Average concentration of particulate organic matter in the water column did not differ between sites with low and high BCM abundance (28.91 ± 1.48 μg/l vs. 25.82 ± 1.22 μg/l; S4 Table). However, OM content in BCM-free sediments at sites with high BCM abundance was significantly higher than at sites with low BCM abundance (Fig 3A). It was also highest in the middle of BCMs and decreased with distance away from the mats, supporting an increased OM accumulation underneath the mats (Fig 3B).

Fig 3. Organic matter content in sediments.

Percent organic carbon (Corg) (mean ± SEM) of (A) sediment cores collected far away (> 5 m) from any BCM patch at sites of low and high BCM abundance, and (B) sediment cores collected at Pestbay (site of high BCM abundance) in the middle, edge, next to (ca. 10cm away) and far away (> 5 m) from BCM patches. Analysed by ANOVA. Letters indicate homogeneous subgroups by posthoc Scheffe tests. Numbers of replicates are in parenthesis.

In situ organic enrichment experiment

Cyanobacterial growth occurred only on sediments that were seeded with a piece of BCM (Fig 4A; row 2 and 4). Starting from day 4 onwards, the cover of BCM seeded on OM-enriched sediments was significantly higher than on non-enriched sediments (Fig 4B). Differences between the buckets with open and closed bottoms were mostly not significant, although at certain time-points the open bottom buckets with the OM-enriched sediment had a significantly larger BCM coverage than the closed bottom buckets (e.g., day 9 or 18). BCM cover peaked on days 5 and 6 in the OM enriched open and closed bottom treatments after the first OM addition. Both also showed a large increase in cover after the second OM addition on day 7, with a peak in abundance on days 9 and 10 and a decline afterwards. The open bottom buckets showed a slower decline in BCM cover than the closed bottom buckets.

Fig 4. Response of BCMs to organic matter enrichment.

(A) Representative photographs of the sediment surface for BCM seeded and non-seeded treatments with and without OM enrichment on days 0, 3, 7 and 12 (closed bucket). BCMs are visible as reddish brown coloration at the centre of the seeded buckets. (B) BCM coverage (mean ± SEM, n = 6) in open bottom and closed bottom buckets with initial BCM seed with and without OM enrichment over the duration of the experiment. Red arrows indicate when OM was added. Analysed by two-way ANOVA. Stars indicate significant differences.

In situ oxygen measurements and other sediment analyses

During daytime, maximum surface O2 concentrations in the middle of the natural BCM patches were 2–8 fold higher than at the edge and next to BCMs (Fig 5A), indicating high photosynthetic productivity in the mats. During night time, the mats were fully anoxic, whereas O2 penetrated 3–4 mm into the sediments in the absence of BCMs (compare Fig 5B and 5C). No differences in grain sizes (regardless of size fraction), porosity and permeability were found (PERMANOVA/ANOVA, all factors and interactions, P > 0.05). Permeability averaged 2.4 ± 0.2 x10-10 m2, indicating very permeable sediments.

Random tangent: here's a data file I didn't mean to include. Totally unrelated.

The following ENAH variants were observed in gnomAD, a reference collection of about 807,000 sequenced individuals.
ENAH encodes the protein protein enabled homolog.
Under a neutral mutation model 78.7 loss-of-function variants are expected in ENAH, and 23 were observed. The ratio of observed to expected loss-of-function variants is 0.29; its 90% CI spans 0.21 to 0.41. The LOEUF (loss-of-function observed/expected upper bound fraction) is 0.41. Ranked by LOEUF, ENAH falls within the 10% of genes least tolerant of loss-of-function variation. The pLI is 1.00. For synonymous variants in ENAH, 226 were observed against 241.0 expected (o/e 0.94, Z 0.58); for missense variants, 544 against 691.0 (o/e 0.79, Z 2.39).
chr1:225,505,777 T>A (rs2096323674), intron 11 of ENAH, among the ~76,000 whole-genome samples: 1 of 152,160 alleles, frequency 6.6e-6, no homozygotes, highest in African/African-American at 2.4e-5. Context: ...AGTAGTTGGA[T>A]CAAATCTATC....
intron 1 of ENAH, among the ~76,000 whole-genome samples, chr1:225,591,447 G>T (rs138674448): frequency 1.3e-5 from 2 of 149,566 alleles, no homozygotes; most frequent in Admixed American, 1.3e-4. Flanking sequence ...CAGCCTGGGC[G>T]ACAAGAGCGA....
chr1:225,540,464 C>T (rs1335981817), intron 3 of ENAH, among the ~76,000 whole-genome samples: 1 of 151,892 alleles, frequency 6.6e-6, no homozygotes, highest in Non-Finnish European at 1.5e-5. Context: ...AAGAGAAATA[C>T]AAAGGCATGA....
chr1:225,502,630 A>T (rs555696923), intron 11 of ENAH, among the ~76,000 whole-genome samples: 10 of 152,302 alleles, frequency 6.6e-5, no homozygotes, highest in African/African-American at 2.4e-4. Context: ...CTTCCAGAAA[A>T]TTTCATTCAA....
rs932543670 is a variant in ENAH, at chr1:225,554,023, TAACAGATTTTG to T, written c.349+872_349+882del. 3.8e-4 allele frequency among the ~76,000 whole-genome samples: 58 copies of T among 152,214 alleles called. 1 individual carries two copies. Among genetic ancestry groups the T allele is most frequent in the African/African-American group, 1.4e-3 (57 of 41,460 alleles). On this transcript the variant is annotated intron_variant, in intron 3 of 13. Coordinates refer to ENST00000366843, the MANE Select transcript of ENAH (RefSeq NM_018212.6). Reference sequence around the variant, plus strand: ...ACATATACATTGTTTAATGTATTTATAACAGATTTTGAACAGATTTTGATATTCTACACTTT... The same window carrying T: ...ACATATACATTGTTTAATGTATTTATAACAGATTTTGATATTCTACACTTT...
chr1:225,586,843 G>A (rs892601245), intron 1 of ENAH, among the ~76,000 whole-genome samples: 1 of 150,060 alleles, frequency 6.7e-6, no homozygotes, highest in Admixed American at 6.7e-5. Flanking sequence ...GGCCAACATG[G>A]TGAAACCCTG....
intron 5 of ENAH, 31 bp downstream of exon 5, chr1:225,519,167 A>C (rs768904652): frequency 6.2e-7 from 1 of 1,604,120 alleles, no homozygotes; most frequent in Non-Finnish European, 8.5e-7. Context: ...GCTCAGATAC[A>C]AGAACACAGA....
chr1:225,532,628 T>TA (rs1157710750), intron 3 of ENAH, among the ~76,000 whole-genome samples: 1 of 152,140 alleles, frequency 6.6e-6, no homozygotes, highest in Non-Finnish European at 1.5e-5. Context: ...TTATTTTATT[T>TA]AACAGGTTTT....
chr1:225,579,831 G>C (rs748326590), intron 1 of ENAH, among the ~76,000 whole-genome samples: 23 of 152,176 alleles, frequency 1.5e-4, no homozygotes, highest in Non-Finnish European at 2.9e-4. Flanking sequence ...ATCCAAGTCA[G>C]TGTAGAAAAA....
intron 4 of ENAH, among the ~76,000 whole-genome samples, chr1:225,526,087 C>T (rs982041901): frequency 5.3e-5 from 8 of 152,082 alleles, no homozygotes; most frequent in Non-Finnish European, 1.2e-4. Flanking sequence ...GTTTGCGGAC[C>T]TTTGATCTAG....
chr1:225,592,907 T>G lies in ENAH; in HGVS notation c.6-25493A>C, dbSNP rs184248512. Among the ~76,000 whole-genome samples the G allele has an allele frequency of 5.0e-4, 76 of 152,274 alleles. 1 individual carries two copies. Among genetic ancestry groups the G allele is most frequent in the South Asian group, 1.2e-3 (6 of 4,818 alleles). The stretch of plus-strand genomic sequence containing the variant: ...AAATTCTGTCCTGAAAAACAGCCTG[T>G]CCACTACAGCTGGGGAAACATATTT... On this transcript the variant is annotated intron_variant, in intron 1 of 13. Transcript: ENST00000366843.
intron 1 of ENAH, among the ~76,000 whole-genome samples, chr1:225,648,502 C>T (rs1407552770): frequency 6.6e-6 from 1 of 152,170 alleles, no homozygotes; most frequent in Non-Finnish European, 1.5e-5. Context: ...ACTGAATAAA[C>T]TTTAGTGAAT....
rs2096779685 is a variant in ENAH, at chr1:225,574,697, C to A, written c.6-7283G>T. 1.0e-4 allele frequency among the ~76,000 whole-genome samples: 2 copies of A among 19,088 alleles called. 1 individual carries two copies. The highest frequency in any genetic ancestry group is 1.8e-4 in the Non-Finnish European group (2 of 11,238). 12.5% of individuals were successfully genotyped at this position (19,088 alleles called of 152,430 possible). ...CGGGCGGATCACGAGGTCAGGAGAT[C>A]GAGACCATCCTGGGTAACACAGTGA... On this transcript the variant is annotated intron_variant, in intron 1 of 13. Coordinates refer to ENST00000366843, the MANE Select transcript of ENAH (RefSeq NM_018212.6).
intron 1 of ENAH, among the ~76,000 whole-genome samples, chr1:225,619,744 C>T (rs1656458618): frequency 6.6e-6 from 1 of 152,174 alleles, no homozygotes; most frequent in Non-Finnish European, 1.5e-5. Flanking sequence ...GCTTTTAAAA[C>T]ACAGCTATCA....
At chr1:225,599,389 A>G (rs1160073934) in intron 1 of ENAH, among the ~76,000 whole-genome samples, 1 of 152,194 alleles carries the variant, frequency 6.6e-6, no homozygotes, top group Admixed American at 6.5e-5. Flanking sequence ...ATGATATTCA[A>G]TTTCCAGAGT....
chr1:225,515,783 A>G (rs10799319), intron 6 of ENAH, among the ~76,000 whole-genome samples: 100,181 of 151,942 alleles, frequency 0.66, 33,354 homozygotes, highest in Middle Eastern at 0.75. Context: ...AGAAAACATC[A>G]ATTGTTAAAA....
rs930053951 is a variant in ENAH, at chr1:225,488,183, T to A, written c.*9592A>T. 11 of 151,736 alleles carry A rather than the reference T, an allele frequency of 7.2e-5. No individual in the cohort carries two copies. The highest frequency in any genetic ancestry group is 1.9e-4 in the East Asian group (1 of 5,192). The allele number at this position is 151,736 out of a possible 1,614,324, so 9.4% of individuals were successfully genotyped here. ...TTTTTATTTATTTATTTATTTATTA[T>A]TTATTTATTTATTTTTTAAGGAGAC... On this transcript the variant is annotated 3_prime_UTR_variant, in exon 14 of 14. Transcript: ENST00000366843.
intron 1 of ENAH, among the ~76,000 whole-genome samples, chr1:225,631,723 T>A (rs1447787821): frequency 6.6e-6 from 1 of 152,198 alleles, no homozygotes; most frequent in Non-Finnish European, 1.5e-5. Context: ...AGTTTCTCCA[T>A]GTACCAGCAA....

Fig 5. Oxygen concentrations in sediments across BCM patches.

(A) O2 concentration across BCM patches over an entire diel cycle. During photosynthesis, O2 peak concentrations per profile are plotted; otherwise surface concentrations are given (n = 350 profiles). (B and C) Examples of in situ O2 profile across the water-sediment interface during day and night with BCM (B) and without BCM (C).


BCM growth on coral reefs is typically limited by nutrients [6,2427]. In our study, BCMs were congruent with high PO43- and NOx in their close vicinity (millimetre-scale) in an otherwise oligotrophic water column (NOx ~0.5 μM; PO43- ~0.1 μM), regardless of depth and BCM dominance on an island scale. Such locally enhanced nutrient concentrations could originate from the underlying benthic surface via direct groundwater seepage. In Australia, L. majuscula showed increased growth by exposure to groundwater [44]. However, in our case, several observations are inconsistent with this mechanism of nutrient supply. First, whereas seepage will be less in hard substratum which is much less permeable than sand, BCMs were prominent over hard substratum at 15 m depth where they were also associated with locally enhanced nutrient concentrations. Second, our nutrient sampling periods were in September 2010 and May 2011 which experienced 195 mm/month and 53mm/month of rain, respectively (Meteorological Dept, Curaçao). Yet, higher concentrations of nutrients were found in the dryer sampling period when any possible groundwater seepage would have been reduced. Third, differences between the buckets with open and closed bottoms in the organic enrichment experiment were mostly not significant. Finally, while NOx benefits from a high mobility in sediments, PO43- in groundwater tends to get absorbed by calcium present in limestone and should thus be low in groundwater outflow [45], which contrasts with our data.